That’s the idea that moved me from doing what I love to doing what I love for others. You can get a sweater at the store (where I live that’s Walmart) but you can’t get a handmade sweater designed to make full figured curvy women feel more confident about themselves. I think about what is going to feel good next to the skin, how it will cling or skim curves, what makes a woman feel feminine and confident, how to play up the good parts and downplay our bits that may look bad in our own eyes. Each piece I make I think about the person who will wear it. I want people to tell her she looks terrific, not that she’s wearing a nice sweater. I’ve always looked at it from how do I help “big girls” like myself feel good about their bodies which translates into feeling good about themselves, to feel beautiful not like an afterthought market and not those hideous fabrics that feel horrible or awful colors that the fashion industry uses that seem to say “you’re fat, you don’t deserve to look and feel comfortable and confident”. Also everything is made to fit women of a normal height. I may be a size 18 but I’m not 6 feet tall. Neither is the next lady. Sleeves are the right length, the sweater are long enough without being a dress or riding up over the tummy. Anyway, that’s why I started my business. And I say so up front. But the business ain’t picking up. I have a few repeat customers. Very few new ones. You have great ideas. And you’re very encouraging. But I’m not always sure of your practicality. Saying and even doing don’t always work out as livable income. But thanks for the positive outlook. : )

    • nathalie says:

      as i will be re-beginning my design business this coming year, i am adding your post to my thinking. important perspective for me to make a living from what i do well. i enjoyed this post!!!

  18. Karen says:

    I love your message, Tara. It speaks to my heart.

  19. Shelly Hughes says:

    What??!! Stop trying to make money from my passion? You nailed it. Somehow you turned this idea inside out and revealed to me a much more powerful and meaningful way to consider my work. Thank you thank you!!!

  20. JoAnna says:

    Great points Tara. I love it. Think I’m going to go re-read it now.

  21. Wow! So glad to read this post. I had just had a meeting with a trusted friend to talk about our respective business goals. One thing our talk centered on was how to bring home the bacon when you want to be in “expansive mode” and “say yes to everyone” and every possible opportunity to ply your passion. I hear you saying those things can be profitable. Fingers crossed ;-).

  22. Jude Spacks says:

    So clearly said. Yum! Loving the straight-up truth nuggets.
    Only thing I’d add is: your jewelry maker can provide opportunities for sweethearts and spouses to delight each other with jewelry without having to be hetero to do it. ;-)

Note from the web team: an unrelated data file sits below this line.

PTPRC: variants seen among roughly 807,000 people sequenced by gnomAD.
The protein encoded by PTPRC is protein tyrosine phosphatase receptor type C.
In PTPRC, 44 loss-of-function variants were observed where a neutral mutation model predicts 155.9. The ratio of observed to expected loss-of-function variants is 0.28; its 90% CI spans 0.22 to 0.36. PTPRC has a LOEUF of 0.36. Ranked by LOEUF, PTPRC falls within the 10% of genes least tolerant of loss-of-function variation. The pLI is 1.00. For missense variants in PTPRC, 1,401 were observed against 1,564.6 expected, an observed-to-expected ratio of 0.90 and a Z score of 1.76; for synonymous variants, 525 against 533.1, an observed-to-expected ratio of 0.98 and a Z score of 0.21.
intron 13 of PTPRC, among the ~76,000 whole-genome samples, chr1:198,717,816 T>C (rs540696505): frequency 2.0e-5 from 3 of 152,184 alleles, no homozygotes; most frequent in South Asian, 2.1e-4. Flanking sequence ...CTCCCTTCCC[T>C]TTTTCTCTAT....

23. Re: What am I teaching and who am I serving? Also, people don’t buy what you do – they buy who you do it.

    These questions and statement not only helped me understand why diving into a business based on passion alone isn’t enough, but I understand why I’ve been working myself into an endless cycle and getting nowhere. I really needed a different approach. I’m an visual artist but I also love writing and teaching (even if it’s not art related). Surely there’s a way I can combine my talent with a desire to serve and maybe even to teach! Thanks so much!
    Celia
    P.S , any additional advise or comments would be most welcomed!

  24. Andrew Walsh says:

    Great post. Your examples of the food truck owner, jewelry designer and copywriter really made this idea come to life in my head. It’s absolutely crucial for anyone hoping to launch a passion-based business!

  25. janet says:

    Did you know that some kind of bankruptcy pop up asking VERY personal information pops up when you try to sign up for your free course. Is this associated with you?

  26. Jenny says:

    Congratulations. Brilliant post — hit the nail right on the head.

    Many of my customers started their businesses as hobbyists, and are finding it hard to ‘get out of their own way’ and let their business flourish. Passion-blindness is not good!

  27. yes, an important distinction…thanks for clarifying that! I’m booming with passion, but how you communicate the value it provides others is how you put that passion into positive effect…aka service.

  28. dear Tara! i actually went to read your post because I was provoked by the headline, and thought “this is just TOO WRONG, I gotta know what it is about” :) and then I started reading, and you really have a wonderful point, I really wanted to hear!

    I am designer and entrepreneur, and have spent a year looking for this last piece:

    “The jewelry designer doesn’t only have a passion for making elegant jewelry from recycled metal. She is empowering women to feel beautiful in their own skin. She is creating opportunities for boyfriends and husbands to delight their girlfriends and wives. She is jumpstarting wardrobes.”

    THANK YOU so much for sharing!!

  29. So very true! This is actually what led me to create a system of sleuthing on the Internet to find people’s pain points, and use THAT as the starting point for a business idea. Your true passion (at least when it comes to making money from it) can only be found in relation to someone else’s need.